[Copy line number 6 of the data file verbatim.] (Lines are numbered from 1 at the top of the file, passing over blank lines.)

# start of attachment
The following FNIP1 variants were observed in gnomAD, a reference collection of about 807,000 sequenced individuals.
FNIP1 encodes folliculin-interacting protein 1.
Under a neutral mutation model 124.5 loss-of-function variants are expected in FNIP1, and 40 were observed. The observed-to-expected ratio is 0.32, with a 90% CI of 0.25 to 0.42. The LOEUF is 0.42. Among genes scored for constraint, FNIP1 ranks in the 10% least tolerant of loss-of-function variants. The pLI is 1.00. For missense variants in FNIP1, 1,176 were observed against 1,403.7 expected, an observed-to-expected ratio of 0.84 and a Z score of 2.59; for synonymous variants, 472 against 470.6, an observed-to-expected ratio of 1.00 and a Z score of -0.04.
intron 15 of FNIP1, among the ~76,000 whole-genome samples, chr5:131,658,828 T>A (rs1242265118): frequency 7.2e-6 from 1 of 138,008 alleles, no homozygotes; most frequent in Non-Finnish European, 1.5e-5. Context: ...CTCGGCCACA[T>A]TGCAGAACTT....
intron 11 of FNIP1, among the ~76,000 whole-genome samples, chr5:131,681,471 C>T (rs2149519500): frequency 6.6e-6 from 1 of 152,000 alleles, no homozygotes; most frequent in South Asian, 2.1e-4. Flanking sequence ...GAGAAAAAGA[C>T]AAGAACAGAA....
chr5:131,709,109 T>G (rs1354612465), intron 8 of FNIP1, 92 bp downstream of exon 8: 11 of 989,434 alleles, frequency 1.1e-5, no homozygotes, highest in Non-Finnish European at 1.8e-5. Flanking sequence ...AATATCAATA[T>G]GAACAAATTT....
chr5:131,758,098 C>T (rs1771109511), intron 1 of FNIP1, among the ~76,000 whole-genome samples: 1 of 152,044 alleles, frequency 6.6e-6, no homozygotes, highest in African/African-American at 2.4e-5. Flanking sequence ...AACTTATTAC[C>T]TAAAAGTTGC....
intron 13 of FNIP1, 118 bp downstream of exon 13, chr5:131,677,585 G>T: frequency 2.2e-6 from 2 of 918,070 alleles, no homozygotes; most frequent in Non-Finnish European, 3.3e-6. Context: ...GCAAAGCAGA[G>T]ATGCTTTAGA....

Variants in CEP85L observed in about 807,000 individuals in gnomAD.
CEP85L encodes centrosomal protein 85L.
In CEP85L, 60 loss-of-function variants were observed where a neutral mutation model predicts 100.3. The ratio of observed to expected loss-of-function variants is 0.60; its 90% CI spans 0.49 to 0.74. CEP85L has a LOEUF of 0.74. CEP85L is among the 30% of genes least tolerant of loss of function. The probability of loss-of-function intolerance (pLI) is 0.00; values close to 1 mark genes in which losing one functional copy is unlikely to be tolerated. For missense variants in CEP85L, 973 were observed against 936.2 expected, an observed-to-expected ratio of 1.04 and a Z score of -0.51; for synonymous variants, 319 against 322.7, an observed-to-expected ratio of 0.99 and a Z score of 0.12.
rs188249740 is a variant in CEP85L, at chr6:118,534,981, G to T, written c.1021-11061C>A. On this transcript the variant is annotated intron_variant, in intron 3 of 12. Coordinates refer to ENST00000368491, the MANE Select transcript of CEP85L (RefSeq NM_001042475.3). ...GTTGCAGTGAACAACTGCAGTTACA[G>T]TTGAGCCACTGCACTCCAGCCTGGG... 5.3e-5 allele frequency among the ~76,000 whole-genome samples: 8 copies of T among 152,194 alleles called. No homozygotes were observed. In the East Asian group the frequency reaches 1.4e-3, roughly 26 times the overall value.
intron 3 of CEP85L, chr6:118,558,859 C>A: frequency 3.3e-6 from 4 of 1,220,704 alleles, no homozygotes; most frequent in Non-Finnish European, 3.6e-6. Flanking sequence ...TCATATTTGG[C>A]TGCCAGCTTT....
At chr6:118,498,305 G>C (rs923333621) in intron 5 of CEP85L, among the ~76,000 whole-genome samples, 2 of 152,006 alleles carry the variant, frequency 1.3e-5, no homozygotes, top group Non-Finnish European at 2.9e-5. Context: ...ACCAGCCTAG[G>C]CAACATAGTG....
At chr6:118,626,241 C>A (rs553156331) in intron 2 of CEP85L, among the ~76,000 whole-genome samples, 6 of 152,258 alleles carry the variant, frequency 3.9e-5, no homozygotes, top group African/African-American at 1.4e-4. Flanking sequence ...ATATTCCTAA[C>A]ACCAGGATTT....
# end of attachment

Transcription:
chr5:131,709,109 T>G (rs1354612465), intron 8 of FNIP1, 92 bp downstream of exon 8: 11 of 989,434 alleles, frequency 1.1e-5, no homozygotes, highest in Non-Finnish European at 1.8e-5. Flanking sequence ...AATATCAATA[T>G]GAACAAATTT....